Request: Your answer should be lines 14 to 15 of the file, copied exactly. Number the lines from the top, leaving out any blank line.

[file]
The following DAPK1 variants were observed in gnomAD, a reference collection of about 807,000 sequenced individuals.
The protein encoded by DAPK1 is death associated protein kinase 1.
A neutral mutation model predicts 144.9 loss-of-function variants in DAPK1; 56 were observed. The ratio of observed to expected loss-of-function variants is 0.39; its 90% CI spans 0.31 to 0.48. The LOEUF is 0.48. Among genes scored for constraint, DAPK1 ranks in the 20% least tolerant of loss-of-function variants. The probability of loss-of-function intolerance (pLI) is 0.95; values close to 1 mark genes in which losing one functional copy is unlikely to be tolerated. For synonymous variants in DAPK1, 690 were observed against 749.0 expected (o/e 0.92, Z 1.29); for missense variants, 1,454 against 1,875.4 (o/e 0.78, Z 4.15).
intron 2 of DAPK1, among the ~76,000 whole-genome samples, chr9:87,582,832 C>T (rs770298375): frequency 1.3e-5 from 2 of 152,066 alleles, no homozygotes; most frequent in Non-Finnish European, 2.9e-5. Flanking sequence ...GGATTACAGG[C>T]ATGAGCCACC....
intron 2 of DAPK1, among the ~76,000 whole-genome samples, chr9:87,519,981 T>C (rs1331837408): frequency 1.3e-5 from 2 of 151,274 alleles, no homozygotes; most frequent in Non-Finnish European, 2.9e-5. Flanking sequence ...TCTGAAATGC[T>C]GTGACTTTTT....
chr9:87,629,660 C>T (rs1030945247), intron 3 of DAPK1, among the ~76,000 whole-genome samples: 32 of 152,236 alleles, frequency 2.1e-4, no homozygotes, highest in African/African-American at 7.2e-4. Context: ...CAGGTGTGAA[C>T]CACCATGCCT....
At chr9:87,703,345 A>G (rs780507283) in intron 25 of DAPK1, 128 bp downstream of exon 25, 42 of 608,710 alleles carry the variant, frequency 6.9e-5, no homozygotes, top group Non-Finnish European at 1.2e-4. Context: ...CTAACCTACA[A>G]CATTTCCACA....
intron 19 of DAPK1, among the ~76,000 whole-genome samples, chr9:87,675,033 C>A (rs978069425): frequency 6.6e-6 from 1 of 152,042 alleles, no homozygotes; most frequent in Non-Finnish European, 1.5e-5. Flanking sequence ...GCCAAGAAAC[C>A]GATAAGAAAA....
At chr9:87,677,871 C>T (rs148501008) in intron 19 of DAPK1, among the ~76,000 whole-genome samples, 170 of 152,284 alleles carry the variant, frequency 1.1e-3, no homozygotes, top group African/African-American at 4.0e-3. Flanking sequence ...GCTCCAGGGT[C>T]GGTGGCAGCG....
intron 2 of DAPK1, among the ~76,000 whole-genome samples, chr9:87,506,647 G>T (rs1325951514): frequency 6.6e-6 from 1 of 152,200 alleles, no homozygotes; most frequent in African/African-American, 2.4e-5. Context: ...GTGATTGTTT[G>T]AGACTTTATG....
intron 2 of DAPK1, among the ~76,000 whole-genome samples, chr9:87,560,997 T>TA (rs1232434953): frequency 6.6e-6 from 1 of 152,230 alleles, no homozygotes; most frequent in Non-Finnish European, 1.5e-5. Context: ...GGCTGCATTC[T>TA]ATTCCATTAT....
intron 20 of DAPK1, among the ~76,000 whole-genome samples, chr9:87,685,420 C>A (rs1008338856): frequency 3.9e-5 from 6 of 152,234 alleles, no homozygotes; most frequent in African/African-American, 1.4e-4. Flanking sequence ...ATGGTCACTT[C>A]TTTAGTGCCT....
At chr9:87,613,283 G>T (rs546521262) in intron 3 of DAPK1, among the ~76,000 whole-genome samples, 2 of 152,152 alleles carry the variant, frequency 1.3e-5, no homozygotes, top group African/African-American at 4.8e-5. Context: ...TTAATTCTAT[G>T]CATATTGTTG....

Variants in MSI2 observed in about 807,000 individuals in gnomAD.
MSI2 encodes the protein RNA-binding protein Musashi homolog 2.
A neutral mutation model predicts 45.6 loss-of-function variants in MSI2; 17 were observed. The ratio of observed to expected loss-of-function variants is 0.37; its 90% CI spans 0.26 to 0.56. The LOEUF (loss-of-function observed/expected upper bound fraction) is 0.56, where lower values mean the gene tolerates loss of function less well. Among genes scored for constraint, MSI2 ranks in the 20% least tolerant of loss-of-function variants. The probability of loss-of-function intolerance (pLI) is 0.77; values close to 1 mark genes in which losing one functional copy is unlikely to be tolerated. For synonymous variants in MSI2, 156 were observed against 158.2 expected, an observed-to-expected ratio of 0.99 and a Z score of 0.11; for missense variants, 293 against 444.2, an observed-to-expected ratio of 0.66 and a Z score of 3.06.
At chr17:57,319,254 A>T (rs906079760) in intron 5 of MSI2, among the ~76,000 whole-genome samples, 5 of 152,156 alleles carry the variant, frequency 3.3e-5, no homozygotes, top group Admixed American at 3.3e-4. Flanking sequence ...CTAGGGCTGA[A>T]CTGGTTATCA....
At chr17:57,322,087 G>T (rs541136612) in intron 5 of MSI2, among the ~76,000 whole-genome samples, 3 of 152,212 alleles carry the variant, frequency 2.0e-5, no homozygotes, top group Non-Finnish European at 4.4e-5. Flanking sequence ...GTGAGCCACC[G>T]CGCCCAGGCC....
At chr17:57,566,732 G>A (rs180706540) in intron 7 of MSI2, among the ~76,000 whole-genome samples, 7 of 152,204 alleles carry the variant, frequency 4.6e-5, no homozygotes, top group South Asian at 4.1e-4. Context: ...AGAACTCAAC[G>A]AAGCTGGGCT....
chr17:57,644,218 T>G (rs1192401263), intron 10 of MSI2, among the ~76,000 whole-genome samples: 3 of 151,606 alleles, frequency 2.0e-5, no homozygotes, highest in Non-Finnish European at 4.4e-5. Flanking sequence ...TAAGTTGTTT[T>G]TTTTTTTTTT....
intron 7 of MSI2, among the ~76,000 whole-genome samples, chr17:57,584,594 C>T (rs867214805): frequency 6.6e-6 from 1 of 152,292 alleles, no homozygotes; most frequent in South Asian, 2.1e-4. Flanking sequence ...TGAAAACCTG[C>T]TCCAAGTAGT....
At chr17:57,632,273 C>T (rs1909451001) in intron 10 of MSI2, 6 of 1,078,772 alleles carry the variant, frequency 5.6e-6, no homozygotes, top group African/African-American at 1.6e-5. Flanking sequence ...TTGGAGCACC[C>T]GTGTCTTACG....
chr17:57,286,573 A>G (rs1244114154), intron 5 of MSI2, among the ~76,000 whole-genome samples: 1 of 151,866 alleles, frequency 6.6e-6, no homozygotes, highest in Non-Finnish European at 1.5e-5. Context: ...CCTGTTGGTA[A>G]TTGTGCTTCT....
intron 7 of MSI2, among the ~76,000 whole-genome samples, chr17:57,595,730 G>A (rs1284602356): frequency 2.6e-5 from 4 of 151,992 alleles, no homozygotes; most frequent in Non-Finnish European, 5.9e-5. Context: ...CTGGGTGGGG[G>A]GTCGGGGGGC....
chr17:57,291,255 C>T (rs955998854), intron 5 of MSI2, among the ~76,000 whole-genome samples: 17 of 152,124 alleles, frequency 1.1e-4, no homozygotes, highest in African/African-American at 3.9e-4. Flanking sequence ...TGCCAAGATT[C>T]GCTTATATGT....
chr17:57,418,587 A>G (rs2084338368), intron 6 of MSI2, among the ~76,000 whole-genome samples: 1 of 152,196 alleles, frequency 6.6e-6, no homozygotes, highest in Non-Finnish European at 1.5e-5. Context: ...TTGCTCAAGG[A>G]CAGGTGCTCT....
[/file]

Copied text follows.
Variants in MSI2 observed in about 807,000 individuals in gnomAD.
MSI2 encodes the protein RNA-binding protein Musashi homolog 2.